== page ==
Two men, aged 48 and 30, have been arrested in Indonesia under suspicion of being gay.

The men had their home in Padang, West Sumatra raided in the early hours of Thursday morning after “anxious” neighbours reported them to the police, reports Gay Star News.

Head of Satpol Padang Police Yadrison told local media, “We found them in the room together with evidence of a number of tissues that had been wet with liquid (resembling) semen.”

 

 

Police claim that was enough proof of their homosexuality to take them into custody for further investigation. Thus far they have been unable to determine whether they are part of the LGBTI community.

At least one media organisation chose to print the address and initials of the men following their arrest in the notoriously homophobic city, reminiscent of the actions of the Sydney Morning Herald back in the 1978 when they published the names, addresses, and occupations of those arrested during the very first Mardi Gras.

These arrests are part of a wider commitment from the Padang City Council and Satpol PP to “fight against immorality and public disease”.

Padang Mayor Mayheldi Ansharullah led thousands of residents in an anti-LGBTI rally through the city called ‘Long March Action to Reject LGBT in West Sumatra and Declaration of Sin-Free Padang’ on 18 November, per Pink News.

“To the perpetrators of sin, let them repent and those who protect them immediately be aware because they will face opposition from all parties and communities in Padang as well as security forces,” he told the gathered protestors.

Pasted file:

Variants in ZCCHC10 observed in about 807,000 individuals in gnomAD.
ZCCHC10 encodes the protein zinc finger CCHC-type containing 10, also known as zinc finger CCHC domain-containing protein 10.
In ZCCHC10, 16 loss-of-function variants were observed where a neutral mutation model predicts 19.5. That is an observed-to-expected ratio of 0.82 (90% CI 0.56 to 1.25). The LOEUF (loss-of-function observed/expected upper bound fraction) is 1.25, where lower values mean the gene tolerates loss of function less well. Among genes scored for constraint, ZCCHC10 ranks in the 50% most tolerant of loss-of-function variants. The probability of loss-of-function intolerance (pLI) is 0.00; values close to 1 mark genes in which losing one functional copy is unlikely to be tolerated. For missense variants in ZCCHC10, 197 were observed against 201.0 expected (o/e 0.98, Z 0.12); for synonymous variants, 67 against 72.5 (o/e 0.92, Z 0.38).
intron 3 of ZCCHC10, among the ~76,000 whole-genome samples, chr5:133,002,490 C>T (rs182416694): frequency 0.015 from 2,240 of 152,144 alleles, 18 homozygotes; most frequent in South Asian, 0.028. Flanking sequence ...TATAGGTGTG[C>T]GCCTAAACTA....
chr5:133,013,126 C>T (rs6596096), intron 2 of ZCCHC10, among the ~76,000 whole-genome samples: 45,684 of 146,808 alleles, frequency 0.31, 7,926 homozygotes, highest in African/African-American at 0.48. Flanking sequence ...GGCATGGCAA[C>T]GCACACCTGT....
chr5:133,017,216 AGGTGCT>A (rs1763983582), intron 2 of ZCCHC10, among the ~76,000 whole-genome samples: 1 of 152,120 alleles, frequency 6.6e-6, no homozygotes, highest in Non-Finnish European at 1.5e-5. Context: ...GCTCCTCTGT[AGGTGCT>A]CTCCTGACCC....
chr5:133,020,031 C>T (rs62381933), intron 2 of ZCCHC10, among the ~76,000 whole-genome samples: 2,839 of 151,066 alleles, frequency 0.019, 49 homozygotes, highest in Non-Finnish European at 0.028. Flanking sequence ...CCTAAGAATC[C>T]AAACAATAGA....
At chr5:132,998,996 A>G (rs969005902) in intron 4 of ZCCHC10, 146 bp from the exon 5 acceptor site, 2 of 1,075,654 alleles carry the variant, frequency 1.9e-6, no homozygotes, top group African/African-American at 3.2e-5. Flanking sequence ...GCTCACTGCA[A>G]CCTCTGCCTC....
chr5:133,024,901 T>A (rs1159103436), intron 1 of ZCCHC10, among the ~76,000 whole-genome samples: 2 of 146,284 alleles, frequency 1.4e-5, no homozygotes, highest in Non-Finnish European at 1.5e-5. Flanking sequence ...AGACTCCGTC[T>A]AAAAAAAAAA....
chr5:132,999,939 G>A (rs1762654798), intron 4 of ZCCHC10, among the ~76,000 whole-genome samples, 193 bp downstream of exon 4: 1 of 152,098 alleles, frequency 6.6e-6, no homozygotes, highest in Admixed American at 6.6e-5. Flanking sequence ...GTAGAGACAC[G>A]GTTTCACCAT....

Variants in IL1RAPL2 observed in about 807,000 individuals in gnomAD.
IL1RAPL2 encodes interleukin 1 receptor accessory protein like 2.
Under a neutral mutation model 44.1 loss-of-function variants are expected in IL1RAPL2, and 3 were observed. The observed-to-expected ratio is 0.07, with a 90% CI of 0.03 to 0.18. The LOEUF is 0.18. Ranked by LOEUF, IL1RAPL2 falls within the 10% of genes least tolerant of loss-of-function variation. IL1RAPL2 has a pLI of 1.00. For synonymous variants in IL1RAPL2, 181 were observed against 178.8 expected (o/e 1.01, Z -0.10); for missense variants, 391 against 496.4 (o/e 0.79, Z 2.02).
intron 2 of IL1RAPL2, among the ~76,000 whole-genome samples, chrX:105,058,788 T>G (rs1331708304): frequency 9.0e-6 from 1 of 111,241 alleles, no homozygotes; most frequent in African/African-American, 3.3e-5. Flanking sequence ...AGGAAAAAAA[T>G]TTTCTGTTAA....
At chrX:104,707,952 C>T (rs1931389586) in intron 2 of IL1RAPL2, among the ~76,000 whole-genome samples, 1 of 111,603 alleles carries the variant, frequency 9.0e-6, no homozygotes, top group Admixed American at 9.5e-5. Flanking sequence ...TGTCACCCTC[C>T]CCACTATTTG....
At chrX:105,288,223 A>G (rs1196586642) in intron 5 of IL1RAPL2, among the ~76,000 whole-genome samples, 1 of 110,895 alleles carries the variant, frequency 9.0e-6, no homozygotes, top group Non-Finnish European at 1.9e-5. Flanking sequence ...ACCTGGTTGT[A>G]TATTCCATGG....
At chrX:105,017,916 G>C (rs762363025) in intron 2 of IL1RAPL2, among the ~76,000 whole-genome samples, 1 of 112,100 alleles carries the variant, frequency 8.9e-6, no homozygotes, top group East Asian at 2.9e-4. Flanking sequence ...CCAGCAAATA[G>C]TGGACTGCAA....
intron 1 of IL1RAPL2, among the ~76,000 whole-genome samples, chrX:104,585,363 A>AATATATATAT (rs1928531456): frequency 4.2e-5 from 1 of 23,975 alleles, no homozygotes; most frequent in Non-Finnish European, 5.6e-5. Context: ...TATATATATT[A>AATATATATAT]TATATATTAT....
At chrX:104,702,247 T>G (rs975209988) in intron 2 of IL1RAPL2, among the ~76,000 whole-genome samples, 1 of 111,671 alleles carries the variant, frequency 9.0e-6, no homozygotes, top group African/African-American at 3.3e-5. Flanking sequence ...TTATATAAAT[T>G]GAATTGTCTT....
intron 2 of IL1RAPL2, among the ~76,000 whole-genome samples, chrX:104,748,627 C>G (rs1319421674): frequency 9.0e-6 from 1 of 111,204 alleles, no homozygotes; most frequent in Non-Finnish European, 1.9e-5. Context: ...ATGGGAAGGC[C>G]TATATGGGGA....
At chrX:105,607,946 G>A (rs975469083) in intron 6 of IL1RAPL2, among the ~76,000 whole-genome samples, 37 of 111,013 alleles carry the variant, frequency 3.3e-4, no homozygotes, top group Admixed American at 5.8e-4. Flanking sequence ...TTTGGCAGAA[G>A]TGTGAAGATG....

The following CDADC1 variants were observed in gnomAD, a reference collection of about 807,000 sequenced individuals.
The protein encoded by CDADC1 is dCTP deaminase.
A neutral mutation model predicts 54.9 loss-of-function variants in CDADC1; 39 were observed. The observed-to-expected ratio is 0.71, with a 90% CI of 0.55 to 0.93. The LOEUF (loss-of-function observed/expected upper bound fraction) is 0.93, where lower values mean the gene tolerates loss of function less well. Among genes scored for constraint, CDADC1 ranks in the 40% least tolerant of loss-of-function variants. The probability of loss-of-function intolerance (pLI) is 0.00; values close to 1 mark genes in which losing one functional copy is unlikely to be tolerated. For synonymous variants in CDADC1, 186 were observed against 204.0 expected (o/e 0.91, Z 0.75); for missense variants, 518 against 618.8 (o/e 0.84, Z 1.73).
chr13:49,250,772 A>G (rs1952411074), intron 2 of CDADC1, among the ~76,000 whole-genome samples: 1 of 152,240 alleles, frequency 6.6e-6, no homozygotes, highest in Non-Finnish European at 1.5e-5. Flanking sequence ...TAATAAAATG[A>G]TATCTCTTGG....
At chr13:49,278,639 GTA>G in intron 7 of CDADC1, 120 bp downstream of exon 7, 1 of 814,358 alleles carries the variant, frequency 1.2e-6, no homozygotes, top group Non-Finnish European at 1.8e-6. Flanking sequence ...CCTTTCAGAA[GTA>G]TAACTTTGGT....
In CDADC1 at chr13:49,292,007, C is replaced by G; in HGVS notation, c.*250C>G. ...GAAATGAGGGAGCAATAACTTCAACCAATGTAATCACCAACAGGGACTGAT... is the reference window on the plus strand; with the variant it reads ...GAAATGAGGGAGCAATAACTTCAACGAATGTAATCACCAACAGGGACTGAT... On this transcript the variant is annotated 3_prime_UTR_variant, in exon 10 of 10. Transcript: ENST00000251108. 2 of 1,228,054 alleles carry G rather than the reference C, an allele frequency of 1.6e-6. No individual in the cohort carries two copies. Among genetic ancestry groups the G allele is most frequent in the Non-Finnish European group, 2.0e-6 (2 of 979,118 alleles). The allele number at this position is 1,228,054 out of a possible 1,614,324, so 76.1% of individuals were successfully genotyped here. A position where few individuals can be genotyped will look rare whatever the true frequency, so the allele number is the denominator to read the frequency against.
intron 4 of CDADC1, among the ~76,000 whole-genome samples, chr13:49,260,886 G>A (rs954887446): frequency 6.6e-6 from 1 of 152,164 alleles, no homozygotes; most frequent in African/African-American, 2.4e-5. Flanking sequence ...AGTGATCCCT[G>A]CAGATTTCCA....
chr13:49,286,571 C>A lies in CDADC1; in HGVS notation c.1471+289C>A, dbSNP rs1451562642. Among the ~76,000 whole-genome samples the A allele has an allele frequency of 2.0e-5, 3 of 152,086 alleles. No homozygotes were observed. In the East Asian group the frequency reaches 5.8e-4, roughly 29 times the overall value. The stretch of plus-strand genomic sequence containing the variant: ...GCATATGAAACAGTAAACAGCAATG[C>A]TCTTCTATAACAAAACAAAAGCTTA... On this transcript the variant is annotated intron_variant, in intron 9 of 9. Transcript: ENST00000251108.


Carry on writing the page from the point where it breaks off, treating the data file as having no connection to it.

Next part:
Ten women were arrested in early November under suspicion of being lesbians, coming to attention of police after one was reported for posting photos of herself kissing and hugging another woman on Facebook.

According to ABC News people suspected of being transgender have also been apprehended in the crackdown, and subjected to “psychological support and rehabilitation”.

There is a belief that homosexuality and transgenderism are mental health disorders caused by the demonic influence of ‘djinn’ entering your body, which can be expelled through a ruqyah, or exorcism. These exorcisms are televised in Padang.

One Islamic cleric from the Ruqyah Association for Sharia in Indonesia told ABC News he performs these rituals by reading religious verses while hitting his “patients” on the back with a sapu lidi, a broom.

Human Rights Watch warned of further persecution of LGBTI people in Indonesia back in October, following the country’s classification of homosexuality as a mental disorder and a move to ban gay sex and sex outside of marriage.

Anti-LGBTI sentiments have spread throughout the country in recent years, with men in Aceh receiving public lashings for engaging in gay sex, trans people being rounded up in Jakarta for “rehabilitation”, and 141 men being arrested following a raid on a sauna back in 2017.

That’s in addition to a group of 50-60 men attacking two transgender women with metal rods in West Java (via QNews), three transgender women in Jakarta being hosed down by a firetruck to “cleanse” them (via Human Rights Watch), and the introduction of fines for LGBTI residents in the city of Pariaman for disturbing “the public order” (via SBS News), all since the beginning of November.

Greens Senator Janet Rice and Liberal MP Trent Zimmerman have both previously condemned the spate of attacks against the Indonesian LGBTI community, but the Australian government is yet to make any public statements about the widespread human rights abuse.

 

 

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